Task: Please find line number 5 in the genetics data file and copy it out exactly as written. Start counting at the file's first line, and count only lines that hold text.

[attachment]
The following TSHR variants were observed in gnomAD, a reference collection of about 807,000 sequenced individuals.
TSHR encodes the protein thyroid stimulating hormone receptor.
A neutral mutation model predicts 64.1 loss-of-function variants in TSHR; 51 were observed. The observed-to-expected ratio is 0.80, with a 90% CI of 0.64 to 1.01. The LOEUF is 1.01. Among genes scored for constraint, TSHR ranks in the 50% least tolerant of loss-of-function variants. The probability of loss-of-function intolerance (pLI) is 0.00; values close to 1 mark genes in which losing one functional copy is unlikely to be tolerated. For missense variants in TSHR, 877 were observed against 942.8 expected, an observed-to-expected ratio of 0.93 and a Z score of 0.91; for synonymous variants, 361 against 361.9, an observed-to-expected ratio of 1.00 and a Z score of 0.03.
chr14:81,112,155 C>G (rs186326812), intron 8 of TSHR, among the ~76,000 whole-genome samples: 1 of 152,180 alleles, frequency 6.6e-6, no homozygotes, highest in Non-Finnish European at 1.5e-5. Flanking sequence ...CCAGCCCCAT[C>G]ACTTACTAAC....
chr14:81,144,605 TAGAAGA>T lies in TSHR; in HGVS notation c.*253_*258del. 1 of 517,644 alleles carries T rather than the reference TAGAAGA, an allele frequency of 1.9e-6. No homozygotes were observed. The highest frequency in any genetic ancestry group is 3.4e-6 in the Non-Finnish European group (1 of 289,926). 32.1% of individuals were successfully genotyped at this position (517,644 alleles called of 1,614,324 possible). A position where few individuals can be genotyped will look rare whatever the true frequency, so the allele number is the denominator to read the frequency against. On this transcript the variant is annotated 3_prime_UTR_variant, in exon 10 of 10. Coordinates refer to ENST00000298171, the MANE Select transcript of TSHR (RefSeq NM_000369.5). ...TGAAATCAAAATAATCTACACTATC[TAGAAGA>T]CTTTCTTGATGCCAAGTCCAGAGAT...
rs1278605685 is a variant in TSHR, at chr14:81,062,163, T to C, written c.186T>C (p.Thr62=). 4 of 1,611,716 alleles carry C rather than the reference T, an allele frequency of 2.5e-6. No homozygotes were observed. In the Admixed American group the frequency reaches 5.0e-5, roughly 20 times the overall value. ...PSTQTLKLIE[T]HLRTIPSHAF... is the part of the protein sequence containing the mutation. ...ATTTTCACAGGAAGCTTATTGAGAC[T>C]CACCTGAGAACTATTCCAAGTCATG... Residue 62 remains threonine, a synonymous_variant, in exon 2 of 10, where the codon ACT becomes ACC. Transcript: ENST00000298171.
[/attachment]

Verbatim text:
chr14:81,144,605 TAGAAGA>T lies in TSHR; in HGVS notation c.*253_*258del. 1 of 517,644 alleles carries T rather than the reference TAGAAGA, an allele frequency of 1.9e-6. No homozygotes were observed. The highest frequency in any genetic ancestry group is 3.4e-6 in the Non-Finnish European group (1 of 289,926). 32.1% of individuals were successfully genotyped at this position (517,644 alleles called of 1,614,324 possible). A position where few individuals can be genotyped will look rare whatever the true frequency, so the allele number is the denominator to read the frequency against. On this transcript the variant is annotated 3_prime_UTR_variant, in exon 10 of 10. Coordinates refer to ENST00000298171, the MANE Select transcript of TSHR (RefSeq NM_000369.5). ...TGAAATCAAAATAATCTACACTATC[TAGAAGA>T]CTTTCTTGATGCCAAGTCCAGAGAT...